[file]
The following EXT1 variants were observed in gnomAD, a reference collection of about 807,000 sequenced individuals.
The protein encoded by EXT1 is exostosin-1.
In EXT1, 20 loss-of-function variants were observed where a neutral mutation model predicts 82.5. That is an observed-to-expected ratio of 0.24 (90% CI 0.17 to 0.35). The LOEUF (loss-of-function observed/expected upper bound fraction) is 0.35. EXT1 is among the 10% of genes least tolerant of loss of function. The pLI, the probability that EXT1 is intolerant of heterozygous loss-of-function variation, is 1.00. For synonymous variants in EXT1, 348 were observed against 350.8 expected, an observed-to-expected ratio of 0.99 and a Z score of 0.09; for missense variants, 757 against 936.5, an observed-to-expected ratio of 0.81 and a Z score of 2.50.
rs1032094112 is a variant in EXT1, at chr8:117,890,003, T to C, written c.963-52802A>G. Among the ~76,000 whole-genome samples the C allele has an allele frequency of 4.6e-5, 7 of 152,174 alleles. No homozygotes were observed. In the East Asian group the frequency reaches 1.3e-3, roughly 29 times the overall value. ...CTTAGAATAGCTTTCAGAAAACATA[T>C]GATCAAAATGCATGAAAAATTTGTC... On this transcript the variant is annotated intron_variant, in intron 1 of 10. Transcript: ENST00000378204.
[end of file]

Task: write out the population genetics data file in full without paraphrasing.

The following EXT1 variants were observed in gnomAD, a reference collection of about 807,000 sequenced individuals.
The protein encoded by EXT1 is exostosin-1.
In EXT1, 20 loss-of-function variants were observed where a neutral mutation model predicts 82.5. That is an observed-to-expected ratio of 0.24 (90% CI 0.17 to 0.35). The LOEUF (loss-of-function observed/expected upper bound fraction) is 0.35. EXT1 is among the 10% of genes least tolerant of loss of function. The pLI, the probability that EXT1 is intolerant of heterozygous loss-of-function variation, is 1.00. For synonymous variants in EXT1, 348 were observed against 350.8 expected, an observed-to-expected ratio of 0.99 and a Z score of 0.09; for missense variants, 757 against 936.5, an observed-to-expected ratio of 0.81 and a Z score of 2.50.
rs1032094112 is a variant in EXT1, at chr8:117,890,003, T to C, written c.963-52802A>G. Among the ~76,000 whole-genome samples the C allele has an allele frequency of 4.6e-5, 7 of 152,174 alleles. No homozygotes were observed. In the East Asian group the frequency reaches 1.3e-3, roughly 29 times the overall value. ...CTTAGAATAGCTTTCAGAAAACATA[T>C]GATCAAAATGCATGAAAAATTTGTC... On this transcript the variant is annotated intron_variant, in intron 1 of 10. Transcript: ENST00000378204.